Locals of Maunabudhuk village in eastern Nepal have reaped the rewards of one man’s commitment to public health
When Megharaj Ban first joined Maunabudhuk Health Post (MHP) in Dhankuta in 1987, there were no road networks connecting this small village to district headquarters and health workers were faced with a chronic shortage of medicines. His own villagers were skeptical about how far he could improve the well-being of the community.
Twenty-five years on, Ban has single-handedly reformed the VDC’s health-scape. From convincing locals to adopt preventive care measures to upgrading facilities at MHP in spite of a lack of funding, the health-worker has become so popular that every time he gets posted outside Maunabudhuk, villagers request the district administration office to send him back.
On Monday, the 49-year-old, who is now a public health inspector at MHP, was presented the Nick Simons Award for his outstanding contribution to improving health services in his village and his unwavering commitment towards his people. For the past six years the Kathmandu-based NSI has honoured healthcare workers in rural Nepal who have overcome financial obstacles and lack of resources to help communities.
In November 2012, Ban helped establish a new birthing centre at MHP with four rooms where mothers and their babies receive 24-hour care. Built completely from local resources and knowhow, the centre tends to 65 per cent of all births in Maunabudhuk.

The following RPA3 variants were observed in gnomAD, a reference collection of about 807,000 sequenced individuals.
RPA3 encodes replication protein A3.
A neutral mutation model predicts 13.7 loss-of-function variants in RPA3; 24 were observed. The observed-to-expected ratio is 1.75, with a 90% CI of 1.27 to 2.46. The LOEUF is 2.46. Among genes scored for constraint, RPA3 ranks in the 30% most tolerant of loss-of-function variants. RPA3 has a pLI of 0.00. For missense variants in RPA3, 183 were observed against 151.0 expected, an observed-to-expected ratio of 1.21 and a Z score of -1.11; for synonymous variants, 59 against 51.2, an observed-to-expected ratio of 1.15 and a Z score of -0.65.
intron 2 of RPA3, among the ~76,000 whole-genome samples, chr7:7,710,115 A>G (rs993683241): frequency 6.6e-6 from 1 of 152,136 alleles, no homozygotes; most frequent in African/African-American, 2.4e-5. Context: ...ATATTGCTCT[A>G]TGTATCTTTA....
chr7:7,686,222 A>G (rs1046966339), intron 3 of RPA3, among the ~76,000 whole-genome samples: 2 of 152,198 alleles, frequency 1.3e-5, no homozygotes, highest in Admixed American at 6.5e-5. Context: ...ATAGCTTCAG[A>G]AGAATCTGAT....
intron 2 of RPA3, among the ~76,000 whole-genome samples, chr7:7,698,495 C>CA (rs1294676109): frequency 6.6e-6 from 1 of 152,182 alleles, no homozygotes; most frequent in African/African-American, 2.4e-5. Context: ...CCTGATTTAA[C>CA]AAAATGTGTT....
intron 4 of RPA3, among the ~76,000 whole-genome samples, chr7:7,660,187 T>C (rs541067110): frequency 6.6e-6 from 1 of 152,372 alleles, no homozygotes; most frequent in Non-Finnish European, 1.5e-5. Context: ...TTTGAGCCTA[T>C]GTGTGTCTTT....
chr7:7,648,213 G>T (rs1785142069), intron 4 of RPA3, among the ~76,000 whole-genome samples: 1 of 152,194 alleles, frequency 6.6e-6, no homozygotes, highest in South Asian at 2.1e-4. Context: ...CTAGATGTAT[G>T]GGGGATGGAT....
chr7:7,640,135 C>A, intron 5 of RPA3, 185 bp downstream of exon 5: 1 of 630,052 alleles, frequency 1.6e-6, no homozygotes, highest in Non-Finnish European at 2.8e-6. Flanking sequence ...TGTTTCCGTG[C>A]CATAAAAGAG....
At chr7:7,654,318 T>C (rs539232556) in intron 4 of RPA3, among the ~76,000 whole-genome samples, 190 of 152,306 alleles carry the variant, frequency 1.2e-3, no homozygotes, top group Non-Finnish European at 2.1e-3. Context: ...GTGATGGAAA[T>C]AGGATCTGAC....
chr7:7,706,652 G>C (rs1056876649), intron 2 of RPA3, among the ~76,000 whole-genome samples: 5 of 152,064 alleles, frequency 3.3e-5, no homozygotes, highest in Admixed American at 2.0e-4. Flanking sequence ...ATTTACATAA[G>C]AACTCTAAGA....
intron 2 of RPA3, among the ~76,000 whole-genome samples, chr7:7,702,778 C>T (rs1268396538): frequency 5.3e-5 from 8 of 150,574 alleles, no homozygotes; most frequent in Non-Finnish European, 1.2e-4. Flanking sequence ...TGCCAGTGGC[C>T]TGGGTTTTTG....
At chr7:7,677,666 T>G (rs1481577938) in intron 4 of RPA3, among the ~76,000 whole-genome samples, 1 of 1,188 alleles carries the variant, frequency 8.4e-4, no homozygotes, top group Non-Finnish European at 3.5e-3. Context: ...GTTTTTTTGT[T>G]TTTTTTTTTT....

Next on Ban’s to-do list was a health laboratory. Again with no financial support from the government, he gathered money from villagers and built a well-equipped laboratory, which currently employs a lab assistant from the locality. Now, patients no longer have travel for hours by bus to district headquarters in Dhankuta or to the neighbouring district of Sunsari for basic services like blood tests, HIV tests, and DOTS treatment.
Ban also started a safe motherhood emergency fund in 2009 so that expectant mothers could take out interest-free loans to cover their medical bills. The fund, which is now worth Rs 80,000, can provide loans upto Rs 10,000 for three months and was collected entirely from villagers, politicians, and grassroots organisations.
Call it chance or a twist of fate, but a career in public health was the last thing on Megharaj’s mind after completing his SLC in 1985 even though he had trained as an health assistant and worked for 20 months in Ilam. The eldest of four siblings, Ban studied economics in high school and wanted to join the civil service. He had even passed his Lok Sewa exams, but at the last minute the post he had been assigned to was given to someone else. So Ban chose public health.
But his two decade long journey has not been without its challenges. During the height of the insurgency, Ban had to flee Dhankuta and seek refuge in Kathmandu. Most of his friends migrated abroad, but he felt he wasn’t cut out for it. After working for nine months in the state-run Vitamin A program in western Nepal, Ban was selected to undergo a six-month senior assistant health worker training in 2004, after which he was again brought back to Maunabudhuk.
“I am grateful that the hard work that the team has put into the health post over the years has finally been recognised,” says an elated Ban. “Now that people know about us, we will have to put in more effort to live up to their expectations.”
Nick Simons Institute, BUDDHA BASNYAT
Nepal’s Nightingale, BHRIKUTI RAI